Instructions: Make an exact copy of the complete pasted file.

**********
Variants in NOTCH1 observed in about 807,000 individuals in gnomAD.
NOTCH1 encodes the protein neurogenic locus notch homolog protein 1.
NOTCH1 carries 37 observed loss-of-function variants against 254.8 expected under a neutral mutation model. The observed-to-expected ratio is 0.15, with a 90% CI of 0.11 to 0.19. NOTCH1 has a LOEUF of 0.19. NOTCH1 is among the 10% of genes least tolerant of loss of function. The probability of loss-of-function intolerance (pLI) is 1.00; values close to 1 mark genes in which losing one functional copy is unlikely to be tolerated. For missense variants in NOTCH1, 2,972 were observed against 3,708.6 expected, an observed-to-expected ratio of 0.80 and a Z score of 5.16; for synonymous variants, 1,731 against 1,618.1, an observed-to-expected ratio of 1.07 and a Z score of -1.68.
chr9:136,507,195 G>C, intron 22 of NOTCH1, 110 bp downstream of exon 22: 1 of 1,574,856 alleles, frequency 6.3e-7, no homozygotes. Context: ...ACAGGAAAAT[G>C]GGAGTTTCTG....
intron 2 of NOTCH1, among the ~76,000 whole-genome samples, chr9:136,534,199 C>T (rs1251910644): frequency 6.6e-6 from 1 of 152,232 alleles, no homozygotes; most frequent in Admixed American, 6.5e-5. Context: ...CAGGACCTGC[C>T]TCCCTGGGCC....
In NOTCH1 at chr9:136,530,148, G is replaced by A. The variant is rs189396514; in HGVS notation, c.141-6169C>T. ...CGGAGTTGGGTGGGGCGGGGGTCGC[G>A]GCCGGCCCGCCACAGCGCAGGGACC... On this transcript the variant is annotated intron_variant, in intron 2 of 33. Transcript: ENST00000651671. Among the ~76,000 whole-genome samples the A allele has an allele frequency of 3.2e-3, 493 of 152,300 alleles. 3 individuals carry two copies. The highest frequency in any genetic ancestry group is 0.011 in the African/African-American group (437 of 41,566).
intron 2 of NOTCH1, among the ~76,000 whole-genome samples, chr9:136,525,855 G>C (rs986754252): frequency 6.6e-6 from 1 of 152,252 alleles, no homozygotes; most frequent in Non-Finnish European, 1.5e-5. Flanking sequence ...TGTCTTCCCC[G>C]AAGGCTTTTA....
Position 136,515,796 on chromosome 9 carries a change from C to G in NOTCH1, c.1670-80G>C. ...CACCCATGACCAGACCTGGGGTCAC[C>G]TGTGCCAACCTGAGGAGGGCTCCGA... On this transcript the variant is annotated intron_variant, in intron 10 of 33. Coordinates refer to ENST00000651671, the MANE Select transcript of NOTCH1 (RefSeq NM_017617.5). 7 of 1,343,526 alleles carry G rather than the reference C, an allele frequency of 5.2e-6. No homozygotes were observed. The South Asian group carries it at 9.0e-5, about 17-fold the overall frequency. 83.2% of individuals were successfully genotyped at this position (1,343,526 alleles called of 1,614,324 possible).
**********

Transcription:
Variants in NOTCH1 observed in about 807,000 individuals in gnomAD.
NOTCH1 encodes the protein neurogenic locus notch homolog protein 1.
NOTCH1 carries 37 observed loss-of-function variants against 254.8 expected under a neutral mutation model. The observed-to-expected ratio is 0.15, with a 90% CI of 0.11 to 0.19. NOTCH1 has a LOEUF of 0.19. NOTCH1 is among the 10% of genes least tolerant of loss of function. The probability of loss-of-function intolerance (pLI) is 1.00; values close to 1 mark genes in which losing one functional copy is unlikely to be tolerated. For missense variants in NOTCH1, 2,972 were observed against 3,708.6 expected, an observed-to-expected ratio of 0.80 and a Z score of 5.16; for synonymous variants, 1,731 against 1,618.1, an observed-to-expected ratio of 1.07 and a Z score of -1.68.
chr9:136,507,195 G>C, intron 22 of NOTCH1, 110 bp downstream of exon 22: 1 of 1,574,856 alleles, frequency 6.3e-7, no homozygotes. Context: ...ACAGGAAAAT[G>C]GGAGTTTCTG....
intron 2 of NOTCH1, among the ~76,000 whole-genome samples, chr9:136,534,199 C>T (rs1251910644): frequency 6.6e-6 from 1 of 152,232 alleles, no homozygotes; most frequent in Admixed American, 6.5e-5. Context: ...CAGGACCTGC[C>T]TCCCTGGGCC....
In NOTCH1 at chr9:136,530,148, G is replaced by A. The variant is rs189396514; in HGVS notation, c.141-6169C>T. ...CGGAGTTGGGTGGGGCGGGGGTCGC[G>A]GCCGGCCCGCCACAGCGCAGGGACC... On this transcript the variant is annotated intron_variant, in intron 2 of 33. Transcript: ENST00000651671. Among the ~76,000 whole-genome samples the A allele has an allele frequency of 3.2e-3, 493 of 152,300 alleles. 3 individuals carry two copies. The highest frequency in any genetic ancestry group is 0.011 in the African/African-American group (437 of 41,566).
intron 2 of NOTCH1, among the ~76,000 whole-genome samples, chr9:136,525,855 G>C (rs986754252): frequency 6.6e-6 from 1 of 152,252 alleles, no homozygotes; most frequent in Non-Finnish European, 1.5e-5. Flanking sequence ...TGTCTTCCCC[G>C]AAGGCTTTTA....
Position 136,515,796 on chromosome 9 carries a change from C to G in NOTCH1, c.1670-80G>C. ...CACCCATGACCAGACCTGGGGTCAC[C>G]TGTGCCAACCTGAGGAGGGCTCCGA... On this transcript the variant is annotated intron_variant, in intron 10 of 33. Coordinates refer to ENST00000651671, the MANE Select transcript of NOTCH1 (RefSeq NM_017617.5). 7 of 1,343,526 alleles carry G rather than the reference C, an allele frequency of 5.2e-6. No homozygotes were observed. The South Asian group carries it at 9.0e-5, about 17-fold the overall frequency. 83.2% of individuals were successfully genotyped at this position (1,343,526 alleles called of 1,614,324 possible).